How long should you fast for weight loss?
Two daily fasting diets, also known as time-restricted feeding diets, are effective for weight loss, according to a new study published by researchers from the University of Illinois at Chicago.
The study reported results from a clinical trial that compared a 4-hour time-restricted feeding diet and a 6-hour time-restricted feeding diet to a control group.
“This is the first human clinical trial to compare the effects of two popular forms of time-restricted feeding on body weight and cardiometabolic risk factors,” said Krista Varady, professor of nutrition at the UIC College of Applied Health Sciences and corresponding author of the story.
Participants in the 4-hour time-restricted feeding diet group were asked to eat only between the hours of 1 p.m. and 5 p.m. Participants in the 6-hour time-restricted feeding diet group were asked to eat only between the hours of 1 p.m. and 7 p.m.
In both the study groups, patients were allowed to eat whatever they wanted during the 4-hour or 6-hour eating period. During the fasting hours, participants were directed to only drink water or calorie-free beverages. In the control group, participants were directed to maintain their weight and not change their diet or physical activity levels.
The participants were followed for 10 weeks as weight, insulin resistance, oxidative stress, blood pressure, LDL cholesterol, HDL cholesterol, triglycerides and inflammatory markers were tracked.
The study, published in Cell Metabolism, found that participants in both daily fasting groups reduced calorie intake by about 550 calories each day simply by adhering to the schedule and lost about 3% of their body weight. The researchers also found that insulin resistance and oxidative stress levels were reduced among participants in the study groups when compared with the control group. There was no effect on blood pressure, LDL cholesterol, HDL cholesterol or triglycerides.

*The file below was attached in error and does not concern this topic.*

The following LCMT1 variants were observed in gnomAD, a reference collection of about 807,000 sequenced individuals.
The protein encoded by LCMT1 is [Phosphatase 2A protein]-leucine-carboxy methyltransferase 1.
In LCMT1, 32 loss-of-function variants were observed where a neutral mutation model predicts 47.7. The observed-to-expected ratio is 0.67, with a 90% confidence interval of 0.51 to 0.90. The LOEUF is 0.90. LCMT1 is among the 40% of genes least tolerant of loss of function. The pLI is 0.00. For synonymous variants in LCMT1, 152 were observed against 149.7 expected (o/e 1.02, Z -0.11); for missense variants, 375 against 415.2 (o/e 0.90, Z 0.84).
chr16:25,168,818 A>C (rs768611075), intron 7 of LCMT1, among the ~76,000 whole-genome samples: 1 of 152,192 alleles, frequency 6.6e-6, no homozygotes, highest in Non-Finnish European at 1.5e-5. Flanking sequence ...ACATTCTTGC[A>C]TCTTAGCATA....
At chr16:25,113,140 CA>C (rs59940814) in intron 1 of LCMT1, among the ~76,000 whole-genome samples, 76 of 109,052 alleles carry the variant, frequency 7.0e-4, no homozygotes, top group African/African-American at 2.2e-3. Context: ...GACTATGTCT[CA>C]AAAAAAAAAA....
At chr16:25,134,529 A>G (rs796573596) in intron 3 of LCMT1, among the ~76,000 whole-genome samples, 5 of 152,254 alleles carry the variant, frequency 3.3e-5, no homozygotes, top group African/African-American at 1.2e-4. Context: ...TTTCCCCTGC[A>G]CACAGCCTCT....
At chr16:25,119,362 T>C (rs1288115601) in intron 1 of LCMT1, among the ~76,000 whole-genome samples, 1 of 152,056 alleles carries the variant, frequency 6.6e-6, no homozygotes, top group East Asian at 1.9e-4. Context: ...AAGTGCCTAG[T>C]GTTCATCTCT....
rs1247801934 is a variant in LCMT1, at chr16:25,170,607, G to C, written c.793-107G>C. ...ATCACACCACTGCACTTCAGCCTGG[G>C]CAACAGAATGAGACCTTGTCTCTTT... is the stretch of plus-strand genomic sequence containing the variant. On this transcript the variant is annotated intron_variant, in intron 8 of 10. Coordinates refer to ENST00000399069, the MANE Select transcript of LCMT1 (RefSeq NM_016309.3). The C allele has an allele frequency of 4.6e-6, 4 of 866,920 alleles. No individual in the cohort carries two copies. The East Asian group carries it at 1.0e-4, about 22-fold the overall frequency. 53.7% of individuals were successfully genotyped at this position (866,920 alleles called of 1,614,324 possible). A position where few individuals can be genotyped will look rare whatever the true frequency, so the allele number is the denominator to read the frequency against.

There also was no significant difference in weight loss or cardiometabolic risk factors between the 4-hour and 6-hour diet groups.
“The findings of this study are promising and reinforce what we’ve seen in other studies — fasting diets are a viable option for people who want to lose weight, especially for people who do not want to count calories or find other diets to be fatiguing,” Varady said. “It’s also telling that there was no added weight loss benefit for people who sustained a longer fast — until we have further studies that directly compare the two diets or seek to study the optimal time for fasting, these results suggest that the 6-hour fast might make sense for most people who want to pursue a daily fasting diet.”
Varady and her colleagues also reported that there were no major adverse health events reported by study participants during the study and that the mild adverse events — such as dizziness or headaches — were limited to the beginning of the trial.
Co-authors on the study are UIC’s Sofia Cienfuegos, Kelsey Gabel, Faiza Kalam, Mark Ezpeleta, Eric Wiseman, Vasiliki Pavlou, Shuhao Lin and Manoela Lima Oliveira. The study was supported by the National Institutes of Health (R01DK119783).